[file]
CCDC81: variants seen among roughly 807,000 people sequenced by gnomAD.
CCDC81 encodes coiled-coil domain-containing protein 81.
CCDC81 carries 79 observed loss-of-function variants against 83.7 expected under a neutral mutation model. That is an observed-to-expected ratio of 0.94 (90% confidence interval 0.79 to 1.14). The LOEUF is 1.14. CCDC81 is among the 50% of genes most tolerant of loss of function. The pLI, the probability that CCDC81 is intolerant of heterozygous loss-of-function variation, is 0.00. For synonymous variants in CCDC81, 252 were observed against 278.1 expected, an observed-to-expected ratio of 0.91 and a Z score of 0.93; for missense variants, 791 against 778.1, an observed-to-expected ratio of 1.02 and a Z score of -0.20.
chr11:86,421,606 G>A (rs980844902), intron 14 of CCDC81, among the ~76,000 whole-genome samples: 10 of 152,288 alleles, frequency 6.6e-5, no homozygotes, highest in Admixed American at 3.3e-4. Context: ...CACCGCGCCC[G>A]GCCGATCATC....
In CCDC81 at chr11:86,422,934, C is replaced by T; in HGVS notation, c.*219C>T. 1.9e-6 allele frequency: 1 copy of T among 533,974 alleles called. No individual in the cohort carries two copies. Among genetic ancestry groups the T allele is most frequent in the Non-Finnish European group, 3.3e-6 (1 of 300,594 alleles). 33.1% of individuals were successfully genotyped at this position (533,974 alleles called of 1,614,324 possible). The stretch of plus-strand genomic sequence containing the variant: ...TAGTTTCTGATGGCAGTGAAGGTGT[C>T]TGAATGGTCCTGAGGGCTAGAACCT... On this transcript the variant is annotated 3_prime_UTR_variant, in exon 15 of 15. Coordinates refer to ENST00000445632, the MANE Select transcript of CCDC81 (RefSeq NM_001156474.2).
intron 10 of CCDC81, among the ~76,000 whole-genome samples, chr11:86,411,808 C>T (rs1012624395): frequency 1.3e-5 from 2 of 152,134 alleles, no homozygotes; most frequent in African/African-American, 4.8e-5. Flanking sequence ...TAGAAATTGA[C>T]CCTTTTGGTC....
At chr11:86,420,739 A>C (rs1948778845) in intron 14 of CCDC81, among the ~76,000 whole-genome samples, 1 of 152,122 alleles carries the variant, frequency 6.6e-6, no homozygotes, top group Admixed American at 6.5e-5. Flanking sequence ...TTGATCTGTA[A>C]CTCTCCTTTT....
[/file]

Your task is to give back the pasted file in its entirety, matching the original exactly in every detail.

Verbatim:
CCDC81: variants seen among roughly 807,000 people sequenced by gnomAD.
CCDC81 encodes coiled-coil domain-containing protein 81.
CCDC81 carries 79 observed loss-of-function variants against 83.7 expected under a neutral mutation model. That is an observed-to-expected ratio of 0.94 (90% confidence interval 0.79 to 1.14). The LOEUF is 1.14. CCDC81 is among the 50% of genes most tolerant of loss of function. The pLI, the probability that CCDC81 is intolerant of heterozygous loss-of-function variation, is 0.00. For synonymous variants in CCDC81, 252 were observed against 278.1 expected, an observed-to-expected ratio of 0.91 and a Z score of 0.93; for missense variants, 791 against 778.1, an observed-to-expected ratio of 1.02 and a Z score of -0.20.
chr11:86,421,606 G>A (rs980844902), intron 14 of CCDC81, among the ~76,000 whole-genome samples: 10 of 152,288 alleles, frequency 6.6e-5, no homozygotes, highest in Admixed American at 3.3e-4. Context: ...CACCGCGCCC[G>A]GCCGATCATC....
In CCDC81 at chr11:86,422,934, C is replaced by T; in HGVS notation, c.*219C>T. 1.9e-6 allele frequency: 1 copy of T among 533,974 alleles called. No individual in the cohort carries two copies. Among genetic ancestry groups the T allele is most frequent in the Non-Finnish European group, 3.3e-6 (1 of 300,594 alleles). 33.1% of individuals were successfully genotyped at this position (533,974 alleles called of 1,614,324 possible). The stretch of plus-strand genomic sequence containing the variant: ...TAGTTTCTGATGGCAGTGAAGGTGT[C>T]TGAATGGTCCTGAGGGCTAGAACCT... On this transcript the variant is annotated 3_prime_UTR_variant, in exon 15 of 15. Coordinates refer to ENST00000445632, the MANE Select transcript of CCDC81 (RefSeq NM_001156474.2).
intron 10 of CCDC81, among the ~76,000 whole-genome samples, chr11:86,411,808 C>T (rs1012624395): frequency 1.3e-5 from 2 of 152,134 alleles, no homozygotes; most frequent in African/African-American, 4.8e-5. Flanking sequence ...TAGAAATTGA[C>T]CCTTTTGGTC....
At chr11:86,420,739 A>C (rs1948778845) in intron 14 of CCDC81, among the ~76,000 whole-genome samples, 1 of 152,122 alleles carries the variant, frequency 6.6e-6, no homozygotes, top group Admixed American at 6.5e-5. Flanking sequence ...TTGATCTGTA[A>C]CTCTCCTTTT....